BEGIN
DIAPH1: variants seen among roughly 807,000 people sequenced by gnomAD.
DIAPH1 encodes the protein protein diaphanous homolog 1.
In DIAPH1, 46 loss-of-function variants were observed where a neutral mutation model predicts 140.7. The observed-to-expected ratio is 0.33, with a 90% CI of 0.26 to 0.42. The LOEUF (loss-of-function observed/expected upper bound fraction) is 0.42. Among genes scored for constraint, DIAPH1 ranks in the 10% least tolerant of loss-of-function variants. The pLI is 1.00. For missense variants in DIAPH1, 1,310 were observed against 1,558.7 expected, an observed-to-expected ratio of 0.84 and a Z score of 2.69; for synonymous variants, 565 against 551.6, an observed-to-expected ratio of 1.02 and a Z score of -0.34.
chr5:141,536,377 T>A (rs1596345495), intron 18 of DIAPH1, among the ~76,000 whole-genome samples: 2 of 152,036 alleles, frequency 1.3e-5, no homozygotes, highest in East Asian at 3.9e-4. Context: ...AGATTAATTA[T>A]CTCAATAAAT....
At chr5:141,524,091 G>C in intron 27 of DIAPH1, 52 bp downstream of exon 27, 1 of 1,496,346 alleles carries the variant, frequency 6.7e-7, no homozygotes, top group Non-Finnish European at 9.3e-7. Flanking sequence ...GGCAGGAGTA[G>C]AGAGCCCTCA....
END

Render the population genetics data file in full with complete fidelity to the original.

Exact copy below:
DIAPH1: variants seen among roughly 807,000 people sequenced by gnomAD.
DIAPH1 encodes the protein protein diaphanous homolog 1.
In DIAPH1, 46 loss-of-function variants were observed where a neutral mutation model predicts 140.7. The observed-to-expected ratio is 0.33, with a 90% CI of 0.26 to 0.42. The LOEUF (loss-of-function observed/expected upper bound fraction) is 0.42. Among genes scored for constraint, DIAPH1 ranks in the 10% least tolerant of loss-of-function variants. The pLI is 1.00. For missense variants in DIAPH1, 1,310 were observed against 1,558.7 expected, an observed-to-expected ratio of 0.84 and a Z score of 2.69; for synonymous variants, 565 against 551.6, an observed-to-expected ratio of 1.02 and a Z score of -0.34.
chr5:141,536,377 T>A (rs1596345495), intron 18 of DIAPH1, among the ~76,000 whole-genome samples: 2 of 152,036 alleles, frequency 1.3e-5, no homozygotes, highest in East Asian at 3.9e-4. Context: ...AGATTAATTA[T>A]CTCAATAAAT....
At chr5:141,524,091 G>C in intron 27 of DIAPH1, 52 bp downstream of exon 27, 1 of 1,496,346 alleles carries the variant, frequency 6.7e-7, no homozygotes, top group Non-Finnish European at 9.3e-7. Flanking sequence ...GGCAGGAGTA[G>C]AGAGCCCTCA....